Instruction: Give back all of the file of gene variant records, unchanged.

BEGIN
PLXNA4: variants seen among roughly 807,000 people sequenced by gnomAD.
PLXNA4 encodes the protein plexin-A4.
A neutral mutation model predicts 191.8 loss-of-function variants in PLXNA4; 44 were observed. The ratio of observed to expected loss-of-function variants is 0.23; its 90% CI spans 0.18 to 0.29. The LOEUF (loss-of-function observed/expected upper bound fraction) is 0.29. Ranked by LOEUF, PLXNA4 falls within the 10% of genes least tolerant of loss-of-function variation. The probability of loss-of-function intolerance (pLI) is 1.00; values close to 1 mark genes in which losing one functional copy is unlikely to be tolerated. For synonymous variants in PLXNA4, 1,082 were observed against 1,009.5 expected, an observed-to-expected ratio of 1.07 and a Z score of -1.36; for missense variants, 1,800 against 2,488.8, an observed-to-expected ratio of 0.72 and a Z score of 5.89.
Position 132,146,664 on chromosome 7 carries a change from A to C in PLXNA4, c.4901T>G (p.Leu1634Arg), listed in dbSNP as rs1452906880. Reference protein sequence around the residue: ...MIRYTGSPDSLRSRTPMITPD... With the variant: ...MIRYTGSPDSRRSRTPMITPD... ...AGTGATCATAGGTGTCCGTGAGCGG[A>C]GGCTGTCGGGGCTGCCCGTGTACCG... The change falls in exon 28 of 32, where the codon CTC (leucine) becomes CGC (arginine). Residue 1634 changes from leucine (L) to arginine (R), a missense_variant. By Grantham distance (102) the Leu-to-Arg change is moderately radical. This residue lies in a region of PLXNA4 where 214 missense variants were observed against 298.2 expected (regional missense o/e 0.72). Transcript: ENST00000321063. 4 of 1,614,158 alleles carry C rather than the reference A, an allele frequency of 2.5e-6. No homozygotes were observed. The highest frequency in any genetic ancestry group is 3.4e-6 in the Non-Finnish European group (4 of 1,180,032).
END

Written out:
PLXNA4: variants seen among roughly 807,000 people sequenced by gnomAD.
PLXNA4 encodes the protein plexin-A4.
A neutral mutation model predicts 191.8 loss-of-function variants in PLXNA4; 44 were observed. The ratio of observed to expected loss-of-function variants is 0.23; its 90% CI spans 0.18 to 0.29. The LOEUF (loss-of-function observed/expected upper bound fraction) is 0.29. Ranked by LOEUF, PLXNA4 falls within the 10% of genes least tolerant of loss-of-function variation. The probability of loss-of-function intolerance (pLI) is 1.00; values close to 1 mark genes in which losing one functional copy is unlikely to be tolerated. For synonymous variants in PLXNA4, 1,082 were observed against 1,009.5 expected, an observed-to-expected ratio of 1.07 and a Z score of -1.36; for missense variants, 1,800 against 2,488.8, an observed-to-expected ratio of 0.72 and a Z score of 5.89.
Position 132,146,664 on chromosome 7 carries a change from A to C in PLXNA4, c.4901T>G (p.Leu1634Arg), listed in dbSNP as rs1452906880. Reference protein sequence around the residue: ...MIRYTGSPDSLRSRTPMITPD... With the variant: ...MIRYTGSPDSRRSRTPMITPD... ...AGTGATCATAGGTGTCCGTGAGCGG[A>C]GGCTGTCGGGGCTGCCCGTGTACCG... The change falls in exon 28 of 32, where the codon CTC (leucine) becomes CGC (arginine). Residue 1634 changes from leucine (L) to arginine (R), a missense_variant. By Grantham distance (102) the Leu-to-Arg change is moderately radical. This residue lies in a region of PLXNA4 where 214 missense variants were observed against 298.2 expected (regional missense o/e 0.72). Transcript: ENST00000321063. 4 of 1,614,158 alleles carry C rather than the reference A, an allele frequency of 2.5e-6. No homozygotes were observed. The highest frequency in any genetic ancestry group is 3.4e-6 in the Non-Finnish European group (4 of 1,180,032).